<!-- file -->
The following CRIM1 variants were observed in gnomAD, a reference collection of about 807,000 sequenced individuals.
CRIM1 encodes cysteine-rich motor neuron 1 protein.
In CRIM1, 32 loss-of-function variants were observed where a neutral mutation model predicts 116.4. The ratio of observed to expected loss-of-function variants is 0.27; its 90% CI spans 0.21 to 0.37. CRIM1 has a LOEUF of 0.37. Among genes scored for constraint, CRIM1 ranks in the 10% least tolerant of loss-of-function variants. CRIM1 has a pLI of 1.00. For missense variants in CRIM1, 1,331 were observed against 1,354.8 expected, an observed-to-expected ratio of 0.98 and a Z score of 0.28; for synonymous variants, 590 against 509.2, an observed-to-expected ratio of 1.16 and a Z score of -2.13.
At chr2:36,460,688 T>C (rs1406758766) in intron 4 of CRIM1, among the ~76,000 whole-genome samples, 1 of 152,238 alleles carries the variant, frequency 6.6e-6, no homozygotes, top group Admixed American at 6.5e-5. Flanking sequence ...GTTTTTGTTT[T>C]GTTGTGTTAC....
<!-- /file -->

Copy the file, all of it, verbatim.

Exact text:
The following CRIM1 variants were observed in gnomAD, a reference collection of about 807,000 sequenced individuals.
CRIM1 encodes cysteine-rich motor neuron 1 protein.
In CRIM1, 32 loss-of-function variants were observed where a neutral mutation model predicts 116.4. The ratio of observed to expected loss-of-function variants is 0.27; its 90% CI spans 0.21 to 0.37. CRIM1 has a LOEUF of 0.37. Among genes scored for constraint, CRIM1 ranks in the 10% least tolerant of loss-of-function variants. CRIM1 has a pLI of 1.00. For missense variants in CRIM1, 1,331 were observed against 1,354.8 expected, an observed-to-expected ratio of 0.98 and a Z score of 0.28; for synonymous variants, 590 against 509.2, an observed-to-expected ratio of 1.16 and a Z score of -2.13.
At chr2:36,460,688 T>C (rs1406758766) in intron 4 of CRIM1, among the ~76,000 whole-genome samples, 1 of 152,238 alleles carries the variant, frequency 6.6e-6, no homozygotes, top group Admixed American at 6.5e-5. Flanking sequence ...GTTTTTGTTT[T>C]GTTGTGTTAC....